Tuesday, June 18, 2024


THE STORY – María Margarita is the youngest of four siblings in a family living in a mining town in the Atacama Desert (Chile). The most special time of the week for this family is Sunday, when they all go to the movies to enjoy stories that let them escape their everyday lives by transporting them to other worlds. The girl’s parents soon realize that the little girl has a very special gift: an almost uncanny ability to recount movies. The girl’s extraordinary talent will spread throughout the village, changing the fortunes of her family as the country is transformed forever.

THE CAST – Bérénice Bejo, Antonio de la Torre, Daniel Brühl, Sara Becker & Alondra Valenzuela

THE TEAM – Lone Scherfig (Director), Rafa Russo, Walter Salles & Isabel Coixet (Writers)

THE RUNNING TIME – 116 Minutes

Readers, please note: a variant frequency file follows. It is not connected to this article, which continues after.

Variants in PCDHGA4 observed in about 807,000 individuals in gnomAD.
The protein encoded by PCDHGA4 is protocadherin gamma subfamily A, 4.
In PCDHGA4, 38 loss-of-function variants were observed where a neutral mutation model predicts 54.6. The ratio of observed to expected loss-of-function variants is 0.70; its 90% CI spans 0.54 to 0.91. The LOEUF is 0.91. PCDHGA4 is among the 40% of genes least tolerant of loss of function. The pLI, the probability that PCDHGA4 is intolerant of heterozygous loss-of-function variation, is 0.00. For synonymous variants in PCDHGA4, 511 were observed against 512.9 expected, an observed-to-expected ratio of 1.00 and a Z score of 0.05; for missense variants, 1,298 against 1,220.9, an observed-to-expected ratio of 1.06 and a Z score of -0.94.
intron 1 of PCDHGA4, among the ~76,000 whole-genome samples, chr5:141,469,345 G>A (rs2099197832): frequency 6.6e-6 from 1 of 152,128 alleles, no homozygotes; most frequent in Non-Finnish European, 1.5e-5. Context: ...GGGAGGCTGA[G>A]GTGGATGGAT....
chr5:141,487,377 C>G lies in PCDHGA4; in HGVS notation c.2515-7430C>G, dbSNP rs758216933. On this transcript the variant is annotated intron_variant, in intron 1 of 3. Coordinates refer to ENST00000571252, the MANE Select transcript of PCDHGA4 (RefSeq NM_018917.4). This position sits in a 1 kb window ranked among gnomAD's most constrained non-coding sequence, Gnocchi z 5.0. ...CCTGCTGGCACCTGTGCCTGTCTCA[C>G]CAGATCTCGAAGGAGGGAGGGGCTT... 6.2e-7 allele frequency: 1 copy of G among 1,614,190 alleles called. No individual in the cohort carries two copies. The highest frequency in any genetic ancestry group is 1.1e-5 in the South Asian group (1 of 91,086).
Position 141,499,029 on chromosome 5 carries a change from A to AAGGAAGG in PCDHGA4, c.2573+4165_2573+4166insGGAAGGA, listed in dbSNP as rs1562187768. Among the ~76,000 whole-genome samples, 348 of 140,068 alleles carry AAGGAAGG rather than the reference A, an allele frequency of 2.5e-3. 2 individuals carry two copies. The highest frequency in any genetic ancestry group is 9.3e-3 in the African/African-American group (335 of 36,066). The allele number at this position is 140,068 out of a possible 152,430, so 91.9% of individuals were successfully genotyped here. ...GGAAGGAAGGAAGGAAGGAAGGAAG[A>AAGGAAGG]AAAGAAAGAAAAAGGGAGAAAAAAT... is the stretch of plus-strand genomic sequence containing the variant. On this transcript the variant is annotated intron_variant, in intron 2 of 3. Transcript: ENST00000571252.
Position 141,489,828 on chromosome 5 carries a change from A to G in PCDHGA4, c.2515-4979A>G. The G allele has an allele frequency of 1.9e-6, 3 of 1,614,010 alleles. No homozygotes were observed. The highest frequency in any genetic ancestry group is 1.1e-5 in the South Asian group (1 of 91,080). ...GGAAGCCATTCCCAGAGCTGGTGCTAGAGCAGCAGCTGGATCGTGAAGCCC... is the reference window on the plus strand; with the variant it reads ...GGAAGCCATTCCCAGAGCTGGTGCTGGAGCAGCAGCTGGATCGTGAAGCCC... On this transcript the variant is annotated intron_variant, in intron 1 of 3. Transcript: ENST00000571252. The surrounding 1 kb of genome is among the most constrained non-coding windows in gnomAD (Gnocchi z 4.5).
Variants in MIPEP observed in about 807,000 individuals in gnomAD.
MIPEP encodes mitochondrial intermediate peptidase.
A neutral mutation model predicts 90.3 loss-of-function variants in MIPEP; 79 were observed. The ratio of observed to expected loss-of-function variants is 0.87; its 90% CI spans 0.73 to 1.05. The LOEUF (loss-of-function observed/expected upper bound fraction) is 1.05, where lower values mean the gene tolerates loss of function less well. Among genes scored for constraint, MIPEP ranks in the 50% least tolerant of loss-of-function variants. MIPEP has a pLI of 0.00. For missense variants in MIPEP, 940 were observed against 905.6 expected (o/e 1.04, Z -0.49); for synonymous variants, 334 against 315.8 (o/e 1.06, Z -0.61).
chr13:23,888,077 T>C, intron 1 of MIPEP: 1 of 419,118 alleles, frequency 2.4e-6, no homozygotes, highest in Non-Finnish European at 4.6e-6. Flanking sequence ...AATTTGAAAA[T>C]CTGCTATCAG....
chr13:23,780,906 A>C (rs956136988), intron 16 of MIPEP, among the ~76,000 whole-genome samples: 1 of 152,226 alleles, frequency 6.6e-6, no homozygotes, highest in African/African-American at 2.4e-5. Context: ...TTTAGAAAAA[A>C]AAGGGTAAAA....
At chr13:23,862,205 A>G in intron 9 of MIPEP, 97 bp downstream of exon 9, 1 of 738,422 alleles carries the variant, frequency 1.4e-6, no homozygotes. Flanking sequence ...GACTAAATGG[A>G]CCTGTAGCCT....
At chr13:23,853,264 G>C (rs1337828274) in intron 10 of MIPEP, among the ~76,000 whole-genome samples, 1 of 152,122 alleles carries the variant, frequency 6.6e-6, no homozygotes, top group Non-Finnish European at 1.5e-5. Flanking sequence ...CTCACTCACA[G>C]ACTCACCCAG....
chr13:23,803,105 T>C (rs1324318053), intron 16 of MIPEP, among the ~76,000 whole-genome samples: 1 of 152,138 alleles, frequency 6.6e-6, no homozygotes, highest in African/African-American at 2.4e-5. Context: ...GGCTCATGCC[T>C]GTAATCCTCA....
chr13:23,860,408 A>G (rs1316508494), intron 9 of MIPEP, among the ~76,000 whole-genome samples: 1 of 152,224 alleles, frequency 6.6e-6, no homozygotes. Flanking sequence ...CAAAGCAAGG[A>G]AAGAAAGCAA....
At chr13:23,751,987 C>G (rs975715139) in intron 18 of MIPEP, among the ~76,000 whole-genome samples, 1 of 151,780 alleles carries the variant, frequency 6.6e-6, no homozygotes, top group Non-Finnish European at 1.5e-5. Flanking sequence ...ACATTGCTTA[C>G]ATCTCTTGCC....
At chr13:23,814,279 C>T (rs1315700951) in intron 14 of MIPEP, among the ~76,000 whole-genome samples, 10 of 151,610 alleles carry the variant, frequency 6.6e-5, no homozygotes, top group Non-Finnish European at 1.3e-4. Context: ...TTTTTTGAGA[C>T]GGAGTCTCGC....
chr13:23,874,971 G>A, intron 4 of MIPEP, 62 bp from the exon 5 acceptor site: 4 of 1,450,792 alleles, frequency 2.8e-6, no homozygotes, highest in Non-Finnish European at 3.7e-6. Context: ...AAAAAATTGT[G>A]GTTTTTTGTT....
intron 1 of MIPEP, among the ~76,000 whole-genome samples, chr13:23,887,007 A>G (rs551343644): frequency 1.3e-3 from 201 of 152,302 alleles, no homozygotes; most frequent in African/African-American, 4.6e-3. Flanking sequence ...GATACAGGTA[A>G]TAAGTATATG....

In Chile’s Atacama Desert, the air is as dry as a bone. There’s not much for young people to do in the town that has been built up around one of the area’s salt mines. Young María Margarita (Alondra Valenzuela) and her three brothers live for one day a week when their miner father, Medardo (Antonio de La Torre), and beautiful mother, María Magnolia (Bérénice Bejo), take them all out to the movies. When Medardo suffers a debilitating injury, the family’s finances suffer so much that they decide to send one of the children each week, and they will tell everyone what happened in the movie afterward. The boys are terrible at this, but it turns out that María Margarita has a gift for it, and eventually takes on the mantle of Rita Valentina, “The Movie Teller,” charging a small fee for their neighbors to sit in their backyard and watch her reenactments of the town’s weekly film. There’s only so much hardship a person can take, though, and one day, María Margarita and her brothers come home to find that their mother has left. Years pass, and the teenage María Margarita (Sara Becker) finds herself at a crossroads when television comes along and takes her audience away. What will become of her and her family? And what has become of her mother?